7. I bought the following items:
    The springs are supposed to lower the car about 1.2".
    I'm not familiar with the bump steer me on that.
    I've heard of them but I'm not sure exactly what they do.
    I'm waiting until next weekend to get started. I have a car show this weekend and next weekend is a 3 day so I'll be able to take my time.

    Thanks for all of the good advice guys.
    #7 cdurbin, Aug 22, 2014
    Last edited: Aug 22, 2014
  8. Are you leaving the stock rear lower control arms in place? Check the bushings as they are probably toast.
    cdurbin likes this.
  9. Yes, I had planned on it. I didn't think about that. Thanks:nice:
  10. My advise is don't replace all those other parts and leave in the 20 year old stock lower control arms. Do it once and right the first time. Time to call MM and order their lower control arms. I don't recommend using poly bushings on both ends of the control arms as they cause exccessive bind and can tear up torque boxes.

    When trying to remove the lower control arms, you may need to undue the exhaust as the mufflers sometimes are in the way of getting the inner bolt out. Also, I would recommend you liberally spray down all the suspension bolts for a few days in advance, as they tend to be a bear to break loose- especially the control arms. A cheap propane torch and air tools are sometimes needed on them. I would buy new control arm bolts as cheap insurance as yours are probably rusted or not reusable..
    cdurbin likes this.
  11. I do have air tools and a cheap little torch. I'll spray them down with some PB Blaster as well.:nice:
    FoxMustangLvr likes this.
  12. That's it right there brah!
    #12 FoxMustangLvr, Aug 23, 2014
    Last edited: Aug 24, 2014
  13. I just finished my build, Ford Racing springs, KYB shocks all around, and urethane bushings everywhere. Car is nice and tight and handles very well. Didn't replace the control arms, and it rides just fine. The bushings were the worst part. Very difficult to remove. Just be prepared for it to take a long time if you do bushings too. I had to buy a 3 ft breaker bar for some of the bolts. The impact and torch wouldn't loosen 2-3 of them.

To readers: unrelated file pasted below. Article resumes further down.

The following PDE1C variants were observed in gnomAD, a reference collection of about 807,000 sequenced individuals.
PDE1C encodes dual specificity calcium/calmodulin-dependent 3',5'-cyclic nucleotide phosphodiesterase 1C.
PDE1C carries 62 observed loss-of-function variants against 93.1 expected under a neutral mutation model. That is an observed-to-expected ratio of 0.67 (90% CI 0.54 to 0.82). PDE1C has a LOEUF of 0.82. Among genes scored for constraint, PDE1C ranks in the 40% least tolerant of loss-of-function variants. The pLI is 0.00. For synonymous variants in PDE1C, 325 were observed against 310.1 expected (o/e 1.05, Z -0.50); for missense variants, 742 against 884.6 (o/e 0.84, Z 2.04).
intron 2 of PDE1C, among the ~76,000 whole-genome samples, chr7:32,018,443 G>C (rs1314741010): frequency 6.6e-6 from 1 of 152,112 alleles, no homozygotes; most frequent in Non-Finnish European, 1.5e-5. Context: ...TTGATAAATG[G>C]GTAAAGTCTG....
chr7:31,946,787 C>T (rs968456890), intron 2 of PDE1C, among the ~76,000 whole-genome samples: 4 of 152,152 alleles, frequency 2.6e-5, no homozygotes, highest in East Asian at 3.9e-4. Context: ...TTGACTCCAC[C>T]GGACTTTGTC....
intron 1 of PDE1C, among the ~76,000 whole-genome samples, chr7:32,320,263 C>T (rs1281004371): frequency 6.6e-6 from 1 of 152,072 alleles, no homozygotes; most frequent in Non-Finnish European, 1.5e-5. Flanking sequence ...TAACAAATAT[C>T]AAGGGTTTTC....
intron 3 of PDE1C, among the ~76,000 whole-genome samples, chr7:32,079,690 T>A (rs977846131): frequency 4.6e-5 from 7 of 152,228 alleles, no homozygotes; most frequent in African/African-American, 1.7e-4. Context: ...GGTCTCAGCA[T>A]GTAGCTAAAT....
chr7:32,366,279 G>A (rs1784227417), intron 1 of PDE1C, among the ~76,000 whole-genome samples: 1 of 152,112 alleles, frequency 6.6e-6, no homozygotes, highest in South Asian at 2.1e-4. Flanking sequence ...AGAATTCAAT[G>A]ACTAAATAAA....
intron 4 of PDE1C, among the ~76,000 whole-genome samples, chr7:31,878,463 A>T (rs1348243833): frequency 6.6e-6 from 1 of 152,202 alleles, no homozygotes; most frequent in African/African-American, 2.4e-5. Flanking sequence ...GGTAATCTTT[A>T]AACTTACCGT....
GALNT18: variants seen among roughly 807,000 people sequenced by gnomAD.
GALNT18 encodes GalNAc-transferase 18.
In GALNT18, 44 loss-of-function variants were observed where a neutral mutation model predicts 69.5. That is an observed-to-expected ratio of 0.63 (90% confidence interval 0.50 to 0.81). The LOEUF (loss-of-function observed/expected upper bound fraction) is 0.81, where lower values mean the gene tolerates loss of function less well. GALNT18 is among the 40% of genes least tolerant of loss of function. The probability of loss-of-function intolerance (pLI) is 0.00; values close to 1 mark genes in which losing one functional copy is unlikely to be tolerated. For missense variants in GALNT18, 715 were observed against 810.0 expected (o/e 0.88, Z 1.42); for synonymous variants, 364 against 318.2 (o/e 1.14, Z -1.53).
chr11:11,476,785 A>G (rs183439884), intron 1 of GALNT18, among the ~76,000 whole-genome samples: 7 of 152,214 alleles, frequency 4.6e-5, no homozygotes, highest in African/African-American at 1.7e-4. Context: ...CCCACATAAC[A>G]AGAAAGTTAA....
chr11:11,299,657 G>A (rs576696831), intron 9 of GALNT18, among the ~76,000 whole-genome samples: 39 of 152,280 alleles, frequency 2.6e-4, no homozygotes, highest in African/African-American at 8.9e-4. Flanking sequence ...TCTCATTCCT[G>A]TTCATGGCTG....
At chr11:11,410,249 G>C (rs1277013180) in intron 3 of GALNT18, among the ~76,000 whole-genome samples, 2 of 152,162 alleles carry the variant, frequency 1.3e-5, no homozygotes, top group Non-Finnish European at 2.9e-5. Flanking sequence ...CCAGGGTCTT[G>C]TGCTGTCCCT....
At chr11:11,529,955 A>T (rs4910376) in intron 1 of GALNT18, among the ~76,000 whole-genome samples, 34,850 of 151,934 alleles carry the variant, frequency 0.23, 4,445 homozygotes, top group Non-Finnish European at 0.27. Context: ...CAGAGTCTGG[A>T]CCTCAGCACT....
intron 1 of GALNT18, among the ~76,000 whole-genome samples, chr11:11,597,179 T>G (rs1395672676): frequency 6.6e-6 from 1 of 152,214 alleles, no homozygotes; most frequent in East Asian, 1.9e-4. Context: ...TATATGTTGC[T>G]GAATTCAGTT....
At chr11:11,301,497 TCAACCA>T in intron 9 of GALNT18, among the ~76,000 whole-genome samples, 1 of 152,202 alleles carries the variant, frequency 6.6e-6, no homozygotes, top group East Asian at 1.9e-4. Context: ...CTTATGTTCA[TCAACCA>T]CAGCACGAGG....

14. I'm hoping it won't be that bad but knowing my luck it will be. Seems like every time I try to do something fairly simple it ends up being a PITA.
  15. That's the way it goes with 20+ year old cars, especially if they've been in cold weather regions.
  16. Very true. It's a love/hate relationship. :)
  17. @cdurbin

    I removed my front suspension this weekend and took pics. I prefer safety over winging it so take what you want from it and throw out the rest. Install is pretty much exactly opposite of removal.

    Jack up one side and support car, remove wheel. Then remove caliper bolts and caliper and hang it out of the way. I used bungee cords

    Now unbolt tie rod and sway bar bolts

    Next I installed the Maximum Motorsports spring keeper tool, works great for removal and installation of the front springs.